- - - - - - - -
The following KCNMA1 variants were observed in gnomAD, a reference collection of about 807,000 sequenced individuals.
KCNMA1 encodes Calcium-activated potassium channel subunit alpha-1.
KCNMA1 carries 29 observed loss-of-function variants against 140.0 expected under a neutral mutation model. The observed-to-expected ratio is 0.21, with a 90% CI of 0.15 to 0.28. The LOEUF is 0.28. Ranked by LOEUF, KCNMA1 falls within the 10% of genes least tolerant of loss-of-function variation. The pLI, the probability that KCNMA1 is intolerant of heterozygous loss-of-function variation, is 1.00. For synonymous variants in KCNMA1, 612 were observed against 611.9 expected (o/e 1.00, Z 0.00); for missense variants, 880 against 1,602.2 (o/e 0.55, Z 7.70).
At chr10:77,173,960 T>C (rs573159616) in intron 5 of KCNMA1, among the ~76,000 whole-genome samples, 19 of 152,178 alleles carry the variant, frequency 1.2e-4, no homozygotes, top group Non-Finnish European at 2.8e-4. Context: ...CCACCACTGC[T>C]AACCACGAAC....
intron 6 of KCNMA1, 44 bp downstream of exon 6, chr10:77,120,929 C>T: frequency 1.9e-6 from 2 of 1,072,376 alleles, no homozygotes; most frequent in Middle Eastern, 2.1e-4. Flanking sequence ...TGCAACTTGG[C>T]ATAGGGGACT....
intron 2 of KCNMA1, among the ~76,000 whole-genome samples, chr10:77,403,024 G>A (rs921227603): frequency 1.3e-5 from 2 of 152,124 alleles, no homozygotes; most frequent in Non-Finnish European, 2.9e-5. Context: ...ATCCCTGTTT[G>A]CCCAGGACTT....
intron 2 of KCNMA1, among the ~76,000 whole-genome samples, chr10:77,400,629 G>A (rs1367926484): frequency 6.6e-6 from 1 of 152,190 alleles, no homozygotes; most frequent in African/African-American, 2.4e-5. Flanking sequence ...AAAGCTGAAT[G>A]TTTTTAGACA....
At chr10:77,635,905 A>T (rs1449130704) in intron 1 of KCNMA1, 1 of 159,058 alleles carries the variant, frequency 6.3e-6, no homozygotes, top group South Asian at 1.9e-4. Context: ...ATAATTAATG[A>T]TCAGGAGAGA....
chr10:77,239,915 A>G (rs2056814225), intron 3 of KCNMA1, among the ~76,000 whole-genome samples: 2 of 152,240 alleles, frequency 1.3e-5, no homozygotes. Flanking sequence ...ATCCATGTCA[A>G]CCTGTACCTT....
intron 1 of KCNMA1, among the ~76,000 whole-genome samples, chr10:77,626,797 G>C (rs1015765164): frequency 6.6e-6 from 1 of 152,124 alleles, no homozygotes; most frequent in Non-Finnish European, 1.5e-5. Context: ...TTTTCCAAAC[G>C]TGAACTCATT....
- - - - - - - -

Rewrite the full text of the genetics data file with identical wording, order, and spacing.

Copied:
The following KCNMA1 variants were observed in gnomAD, a reference collection of about 807,000 sequenced individuals.
KCNMA1 encodes Calcium-activated potassium channel subunit alpha-1.
KCNMA1 carries 29 observed loss-of-function variants against 140.0 expected under a neutral mutation model. The observed-to-expected ratio is 0.21, with a 90% CI of 0.15 to 0.28. The LOEUF is 0.28. Ranked by LOEUF, KCNMA1 falls within the 10% of genes least tolerant of loss-of-function variation. The pLI, the probability that KCNMA1 is intolerant of heterozygous loss-of-function variation, is 1.00. For synonymous variants in KCNMA1, 612 were observed against 611.9 expected (o/e 1.00, Z 0.00); for missense variants, 880 against 1,602.2 (o/e 0.55, Z 7.70).
At chr10:77,173,960 T>C (rs573159616) in intron 5 of KCNMA1, among the ~76,000 whole-genome samples, 19 of 152,178 alleles carry the variant, frequency 1.2e-4, no homozygotes, top group Non-Finnish European at 2.8e-4. Context: ...CCACCACTGC[T>C]AACCACGAAC....
intron 6 of KCNMA1, 44 bp downstream of exon 6, chr10:77,120,929 C>T: frequency 1.9e-6 from 2 of 1,072,376 alleles, no homozygotes; most frequent in Middle Eastern, 2.1e-4. Flanking sequence ...TGCAACTTGG[C>T]ATAGGGGACT....
intron 2 of KCNMA1, among the ~76,000 whole-genome samples, chr10:77,403,024 G>A (rs921227603): frequency 1.3e-5 from 2 of 152,124 alleles, no homozygotes; most frequent in Non-Finnish European, 2.9e-5. Context: ...ATCCCTGTTT[G>A]CCCAGGACTT....
intron 2 of KCNMA1, among the ~76,000 whole-genome samples, chr10:77,400,629 G>A (rs1367926484): frequency 6.6e-6 from 1 of 152,190 alleles, no homozygotes; most frequent in African/African-American, 2.4e-5. Flanking sequence ...AAAGCTGAAT[G>A]TTTTTAGACA....
At chr10:77,635,905 A>T (rs1449130704) in intron 1 of KCNMA1, 1 of 159,058 alleles carries the variant, frequency 6.3e-6, no homozygotes, top group South Asian at 1.9e-4. Context: ...ATAATTAATG[A>T]TCAGGAGAGA....
chr10:77,239,915 A>G (rs2056814225), intron 3 of KCNMA1, among the ~76,000 whole-genome samples: 2 of 152,240 alleles, frequency 1.3e-5, no homozygotes. Flanking sequence ...ATCCATGTCA[A>G]CCTGTACCTT....
intron 1 of KCNMA1, among the ~76,000 whole-genome samples, chr10:77,626,797 G>C (rs1015765164): frequency 6.6e-6 from 1 of 152,124 alleles, no homozygotes; most frequent in Non-Finnish European, 1.5e-5. Context: ...TTTTCCAAAC[G>C]TGAACTCATT....